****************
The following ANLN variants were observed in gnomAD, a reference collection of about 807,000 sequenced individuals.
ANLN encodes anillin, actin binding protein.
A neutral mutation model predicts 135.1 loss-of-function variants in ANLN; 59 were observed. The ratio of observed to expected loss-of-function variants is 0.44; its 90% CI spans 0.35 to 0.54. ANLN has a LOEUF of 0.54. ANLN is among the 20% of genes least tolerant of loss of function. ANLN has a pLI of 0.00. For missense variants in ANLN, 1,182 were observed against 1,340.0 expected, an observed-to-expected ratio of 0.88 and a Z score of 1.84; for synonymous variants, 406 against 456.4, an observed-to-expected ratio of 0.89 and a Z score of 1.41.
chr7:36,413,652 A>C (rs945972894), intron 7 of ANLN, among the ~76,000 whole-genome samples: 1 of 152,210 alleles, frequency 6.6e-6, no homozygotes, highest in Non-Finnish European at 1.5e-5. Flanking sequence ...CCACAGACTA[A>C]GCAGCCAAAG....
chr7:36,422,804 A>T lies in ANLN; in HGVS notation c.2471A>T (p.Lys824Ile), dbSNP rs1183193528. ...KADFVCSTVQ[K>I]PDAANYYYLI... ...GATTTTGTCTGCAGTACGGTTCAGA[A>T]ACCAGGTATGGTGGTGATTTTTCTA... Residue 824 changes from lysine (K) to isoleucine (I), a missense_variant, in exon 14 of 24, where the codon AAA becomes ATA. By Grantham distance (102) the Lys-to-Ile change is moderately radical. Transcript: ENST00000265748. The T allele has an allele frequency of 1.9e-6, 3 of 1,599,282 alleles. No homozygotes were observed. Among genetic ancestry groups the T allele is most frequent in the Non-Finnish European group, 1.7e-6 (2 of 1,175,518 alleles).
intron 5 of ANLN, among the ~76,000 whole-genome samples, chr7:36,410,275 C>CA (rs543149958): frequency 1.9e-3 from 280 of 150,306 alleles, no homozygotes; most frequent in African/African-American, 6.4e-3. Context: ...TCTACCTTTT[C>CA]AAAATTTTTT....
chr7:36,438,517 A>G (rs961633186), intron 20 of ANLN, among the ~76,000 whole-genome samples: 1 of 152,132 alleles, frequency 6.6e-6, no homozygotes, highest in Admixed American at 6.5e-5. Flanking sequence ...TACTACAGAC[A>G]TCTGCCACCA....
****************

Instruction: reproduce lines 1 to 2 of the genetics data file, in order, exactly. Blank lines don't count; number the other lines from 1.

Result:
The following ANLN variants were observed in gnomAD, a reference collection of about 807,000 sequenced individuals.
ANLN encodes anillin, actin binding protein.